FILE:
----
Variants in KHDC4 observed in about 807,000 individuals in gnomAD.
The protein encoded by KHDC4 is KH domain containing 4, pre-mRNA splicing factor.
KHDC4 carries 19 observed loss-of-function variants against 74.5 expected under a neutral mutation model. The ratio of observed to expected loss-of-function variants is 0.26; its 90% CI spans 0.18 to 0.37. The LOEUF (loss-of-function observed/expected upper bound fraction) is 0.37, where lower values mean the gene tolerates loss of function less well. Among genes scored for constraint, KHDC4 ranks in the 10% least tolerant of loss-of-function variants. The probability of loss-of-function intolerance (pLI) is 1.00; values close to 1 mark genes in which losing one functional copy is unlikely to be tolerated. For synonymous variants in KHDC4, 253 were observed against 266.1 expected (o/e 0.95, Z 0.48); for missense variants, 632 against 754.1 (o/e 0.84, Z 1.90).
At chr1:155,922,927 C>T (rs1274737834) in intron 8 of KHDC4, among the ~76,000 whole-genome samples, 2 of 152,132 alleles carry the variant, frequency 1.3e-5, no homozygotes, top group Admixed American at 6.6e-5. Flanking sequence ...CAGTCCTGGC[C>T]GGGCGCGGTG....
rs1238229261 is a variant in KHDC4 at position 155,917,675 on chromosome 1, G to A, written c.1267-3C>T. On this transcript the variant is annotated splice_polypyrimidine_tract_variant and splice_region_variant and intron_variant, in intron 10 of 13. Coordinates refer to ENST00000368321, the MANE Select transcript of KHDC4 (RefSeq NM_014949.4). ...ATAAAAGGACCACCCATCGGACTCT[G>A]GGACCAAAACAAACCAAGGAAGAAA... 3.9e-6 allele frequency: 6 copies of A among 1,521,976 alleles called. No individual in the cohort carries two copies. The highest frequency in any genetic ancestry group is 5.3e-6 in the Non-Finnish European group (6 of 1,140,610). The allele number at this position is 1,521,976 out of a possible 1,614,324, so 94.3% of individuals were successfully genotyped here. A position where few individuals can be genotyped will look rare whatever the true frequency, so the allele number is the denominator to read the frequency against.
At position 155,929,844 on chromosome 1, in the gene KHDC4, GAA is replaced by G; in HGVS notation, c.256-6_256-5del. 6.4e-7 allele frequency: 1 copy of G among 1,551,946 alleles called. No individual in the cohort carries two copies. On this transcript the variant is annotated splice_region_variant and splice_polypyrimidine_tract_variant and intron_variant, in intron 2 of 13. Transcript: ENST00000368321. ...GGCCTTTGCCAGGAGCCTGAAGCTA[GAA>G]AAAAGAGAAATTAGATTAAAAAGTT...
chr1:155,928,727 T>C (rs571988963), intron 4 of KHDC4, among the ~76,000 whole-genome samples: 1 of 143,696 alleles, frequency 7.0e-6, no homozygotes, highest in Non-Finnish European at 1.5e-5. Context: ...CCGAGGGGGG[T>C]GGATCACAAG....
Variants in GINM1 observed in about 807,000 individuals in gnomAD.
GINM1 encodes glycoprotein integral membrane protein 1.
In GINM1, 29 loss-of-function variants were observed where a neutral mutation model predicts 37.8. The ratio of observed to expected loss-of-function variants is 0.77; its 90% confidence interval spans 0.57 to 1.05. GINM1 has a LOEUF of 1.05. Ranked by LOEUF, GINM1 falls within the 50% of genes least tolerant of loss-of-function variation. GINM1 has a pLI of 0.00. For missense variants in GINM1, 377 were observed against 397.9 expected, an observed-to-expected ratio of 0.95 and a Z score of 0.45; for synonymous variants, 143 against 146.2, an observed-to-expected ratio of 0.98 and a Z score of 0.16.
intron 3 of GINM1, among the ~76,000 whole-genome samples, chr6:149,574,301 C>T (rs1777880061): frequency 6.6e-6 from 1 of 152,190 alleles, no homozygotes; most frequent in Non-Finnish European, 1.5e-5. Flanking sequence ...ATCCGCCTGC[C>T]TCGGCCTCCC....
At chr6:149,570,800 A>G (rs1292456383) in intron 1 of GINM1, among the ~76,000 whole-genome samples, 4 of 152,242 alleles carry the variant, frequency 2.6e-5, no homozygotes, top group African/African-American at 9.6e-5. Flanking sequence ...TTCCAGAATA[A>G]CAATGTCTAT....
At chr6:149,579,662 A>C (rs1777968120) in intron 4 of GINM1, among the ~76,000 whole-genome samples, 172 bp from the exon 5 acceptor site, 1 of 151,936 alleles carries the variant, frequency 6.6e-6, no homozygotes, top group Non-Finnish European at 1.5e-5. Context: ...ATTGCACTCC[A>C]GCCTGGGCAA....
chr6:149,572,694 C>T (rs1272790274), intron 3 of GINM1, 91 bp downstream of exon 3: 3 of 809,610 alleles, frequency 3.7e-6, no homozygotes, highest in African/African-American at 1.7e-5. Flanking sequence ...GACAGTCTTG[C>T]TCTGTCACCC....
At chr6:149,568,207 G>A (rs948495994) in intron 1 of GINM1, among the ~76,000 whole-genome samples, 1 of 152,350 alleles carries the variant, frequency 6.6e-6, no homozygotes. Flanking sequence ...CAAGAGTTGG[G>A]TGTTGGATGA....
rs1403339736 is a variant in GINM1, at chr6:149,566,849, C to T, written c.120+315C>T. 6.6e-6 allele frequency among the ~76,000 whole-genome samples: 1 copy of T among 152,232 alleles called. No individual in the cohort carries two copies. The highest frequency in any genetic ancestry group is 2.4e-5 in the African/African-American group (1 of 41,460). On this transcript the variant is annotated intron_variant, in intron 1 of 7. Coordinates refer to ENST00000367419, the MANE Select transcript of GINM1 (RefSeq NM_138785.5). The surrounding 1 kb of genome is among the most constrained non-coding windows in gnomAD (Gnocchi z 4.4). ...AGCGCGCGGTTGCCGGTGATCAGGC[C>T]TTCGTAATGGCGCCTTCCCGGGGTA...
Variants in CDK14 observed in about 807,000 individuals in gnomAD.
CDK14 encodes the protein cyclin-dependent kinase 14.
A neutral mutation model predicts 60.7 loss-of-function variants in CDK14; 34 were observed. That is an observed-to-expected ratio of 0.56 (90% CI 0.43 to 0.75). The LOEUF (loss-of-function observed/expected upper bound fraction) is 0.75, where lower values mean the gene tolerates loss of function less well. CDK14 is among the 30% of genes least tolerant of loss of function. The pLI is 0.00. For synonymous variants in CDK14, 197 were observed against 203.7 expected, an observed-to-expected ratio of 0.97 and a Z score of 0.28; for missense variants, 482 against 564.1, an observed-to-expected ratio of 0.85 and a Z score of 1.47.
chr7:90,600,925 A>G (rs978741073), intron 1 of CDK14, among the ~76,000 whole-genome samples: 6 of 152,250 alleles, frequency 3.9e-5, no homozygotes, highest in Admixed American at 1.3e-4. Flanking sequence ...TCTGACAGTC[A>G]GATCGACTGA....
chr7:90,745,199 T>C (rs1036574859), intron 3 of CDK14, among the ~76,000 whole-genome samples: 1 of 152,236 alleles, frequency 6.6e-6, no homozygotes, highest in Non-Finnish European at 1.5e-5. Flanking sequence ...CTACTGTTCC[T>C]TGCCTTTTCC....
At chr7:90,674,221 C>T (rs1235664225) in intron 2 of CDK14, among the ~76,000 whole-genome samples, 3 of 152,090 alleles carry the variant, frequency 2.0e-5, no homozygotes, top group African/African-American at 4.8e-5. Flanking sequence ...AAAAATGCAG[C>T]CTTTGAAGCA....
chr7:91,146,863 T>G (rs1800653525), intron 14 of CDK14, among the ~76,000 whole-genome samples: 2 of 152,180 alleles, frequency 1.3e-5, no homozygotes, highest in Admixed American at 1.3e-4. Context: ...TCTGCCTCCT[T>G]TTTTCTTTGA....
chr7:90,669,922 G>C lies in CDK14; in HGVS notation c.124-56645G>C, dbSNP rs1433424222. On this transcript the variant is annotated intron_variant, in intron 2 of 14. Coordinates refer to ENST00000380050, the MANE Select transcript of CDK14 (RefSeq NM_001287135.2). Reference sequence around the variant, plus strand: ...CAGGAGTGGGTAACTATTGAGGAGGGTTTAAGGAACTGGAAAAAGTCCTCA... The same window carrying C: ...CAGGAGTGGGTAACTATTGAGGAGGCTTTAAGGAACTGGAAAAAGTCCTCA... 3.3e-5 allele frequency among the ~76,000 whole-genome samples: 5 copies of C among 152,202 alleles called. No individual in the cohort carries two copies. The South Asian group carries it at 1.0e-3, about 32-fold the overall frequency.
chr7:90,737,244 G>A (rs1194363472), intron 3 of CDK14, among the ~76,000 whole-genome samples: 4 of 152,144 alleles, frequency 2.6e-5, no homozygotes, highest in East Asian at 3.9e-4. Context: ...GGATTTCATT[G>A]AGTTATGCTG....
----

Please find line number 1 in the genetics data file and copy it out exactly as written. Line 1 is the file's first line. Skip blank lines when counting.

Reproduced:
Variants in KHDC4 observed in about 807,000 individuals in gnomAD.